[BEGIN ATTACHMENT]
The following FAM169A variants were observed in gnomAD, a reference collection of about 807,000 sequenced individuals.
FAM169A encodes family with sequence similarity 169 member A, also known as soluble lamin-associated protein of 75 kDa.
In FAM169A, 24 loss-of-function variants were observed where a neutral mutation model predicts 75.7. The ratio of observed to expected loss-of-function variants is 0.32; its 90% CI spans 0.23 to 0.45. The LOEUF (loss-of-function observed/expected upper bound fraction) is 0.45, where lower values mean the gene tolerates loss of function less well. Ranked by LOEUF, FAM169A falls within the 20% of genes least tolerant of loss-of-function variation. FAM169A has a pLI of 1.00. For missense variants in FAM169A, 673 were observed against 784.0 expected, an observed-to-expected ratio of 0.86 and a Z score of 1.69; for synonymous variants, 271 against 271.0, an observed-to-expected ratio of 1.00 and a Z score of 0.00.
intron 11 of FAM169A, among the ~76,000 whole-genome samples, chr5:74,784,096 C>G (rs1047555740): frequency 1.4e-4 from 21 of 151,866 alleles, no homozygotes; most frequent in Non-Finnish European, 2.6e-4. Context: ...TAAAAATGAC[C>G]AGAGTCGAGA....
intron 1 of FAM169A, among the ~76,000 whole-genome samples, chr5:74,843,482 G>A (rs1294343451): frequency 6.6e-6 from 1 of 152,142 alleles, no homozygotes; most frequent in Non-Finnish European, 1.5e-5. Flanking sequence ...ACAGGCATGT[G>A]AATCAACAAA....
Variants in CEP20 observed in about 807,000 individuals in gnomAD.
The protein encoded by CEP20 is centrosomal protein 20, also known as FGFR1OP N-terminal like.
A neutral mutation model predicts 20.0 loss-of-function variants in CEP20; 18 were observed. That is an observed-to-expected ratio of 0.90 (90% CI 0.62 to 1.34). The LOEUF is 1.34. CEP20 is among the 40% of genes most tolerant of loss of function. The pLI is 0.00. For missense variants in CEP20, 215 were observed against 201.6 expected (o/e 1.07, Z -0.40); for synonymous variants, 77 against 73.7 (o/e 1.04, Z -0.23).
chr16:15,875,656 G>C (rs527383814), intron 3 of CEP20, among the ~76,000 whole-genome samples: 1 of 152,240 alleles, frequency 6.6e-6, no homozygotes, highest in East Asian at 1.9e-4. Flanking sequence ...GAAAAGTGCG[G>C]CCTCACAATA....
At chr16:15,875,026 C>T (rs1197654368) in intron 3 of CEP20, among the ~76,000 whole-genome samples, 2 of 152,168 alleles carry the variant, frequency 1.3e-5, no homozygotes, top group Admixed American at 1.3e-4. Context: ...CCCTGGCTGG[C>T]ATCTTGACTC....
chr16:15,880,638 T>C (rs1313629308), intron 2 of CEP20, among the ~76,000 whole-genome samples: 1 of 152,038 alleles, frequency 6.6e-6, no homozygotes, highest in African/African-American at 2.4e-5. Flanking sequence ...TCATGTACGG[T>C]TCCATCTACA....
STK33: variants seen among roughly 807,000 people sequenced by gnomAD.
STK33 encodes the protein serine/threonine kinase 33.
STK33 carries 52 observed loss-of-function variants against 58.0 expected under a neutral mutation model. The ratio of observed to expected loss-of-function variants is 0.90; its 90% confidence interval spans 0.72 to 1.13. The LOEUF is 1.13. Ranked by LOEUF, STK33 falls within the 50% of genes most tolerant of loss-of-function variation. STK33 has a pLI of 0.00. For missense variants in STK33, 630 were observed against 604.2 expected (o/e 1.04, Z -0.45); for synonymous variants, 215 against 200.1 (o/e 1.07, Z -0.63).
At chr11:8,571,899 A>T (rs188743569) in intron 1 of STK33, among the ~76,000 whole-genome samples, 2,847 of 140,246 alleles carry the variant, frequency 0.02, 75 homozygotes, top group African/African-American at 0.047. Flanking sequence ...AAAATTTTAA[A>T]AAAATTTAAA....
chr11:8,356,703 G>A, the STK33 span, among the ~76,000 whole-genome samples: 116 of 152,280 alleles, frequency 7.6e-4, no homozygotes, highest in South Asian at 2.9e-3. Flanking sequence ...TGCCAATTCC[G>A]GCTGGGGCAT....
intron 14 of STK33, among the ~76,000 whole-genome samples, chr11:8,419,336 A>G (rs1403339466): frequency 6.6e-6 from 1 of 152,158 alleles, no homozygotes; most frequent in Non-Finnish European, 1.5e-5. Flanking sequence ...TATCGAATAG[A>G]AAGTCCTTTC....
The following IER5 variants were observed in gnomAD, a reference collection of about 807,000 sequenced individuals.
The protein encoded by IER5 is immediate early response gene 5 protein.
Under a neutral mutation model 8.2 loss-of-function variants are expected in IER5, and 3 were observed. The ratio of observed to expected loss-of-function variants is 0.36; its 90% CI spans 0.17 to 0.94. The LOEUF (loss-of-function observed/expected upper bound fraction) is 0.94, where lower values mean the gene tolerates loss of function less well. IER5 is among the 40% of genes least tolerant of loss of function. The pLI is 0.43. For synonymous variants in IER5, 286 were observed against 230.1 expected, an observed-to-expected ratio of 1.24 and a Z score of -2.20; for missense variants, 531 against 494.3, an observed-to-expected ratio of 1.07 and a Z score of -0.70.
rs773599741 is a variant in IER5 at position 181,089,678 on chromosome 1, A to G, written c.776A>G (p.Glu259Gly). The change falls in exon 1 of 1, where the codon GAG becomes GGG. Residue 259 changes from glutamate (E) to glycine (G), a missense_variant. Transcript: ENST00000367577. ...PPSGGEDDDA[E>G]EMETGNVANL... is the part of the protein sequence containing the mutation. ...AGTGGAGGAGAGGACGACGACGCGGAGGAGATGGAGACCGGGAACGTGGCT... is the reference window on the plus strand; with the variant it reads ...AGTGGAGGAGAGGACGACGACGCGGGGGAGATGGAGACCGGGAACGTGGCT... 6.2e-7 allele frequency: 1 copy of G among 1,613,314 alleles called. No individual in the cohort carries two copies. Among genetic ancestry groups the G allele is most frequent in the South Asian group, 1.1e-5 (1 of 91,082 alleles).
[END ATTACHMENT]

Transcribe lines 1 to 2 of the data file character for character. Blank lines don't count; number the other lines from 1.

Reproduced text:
The following FAM169A variants were observed in gnomAD, a reference collection of about 807,000 sequenced individuals.
FAM169A encodes family with sequence similarity 169 member A, also known as soluble lamin-associated protein of 75 kDa.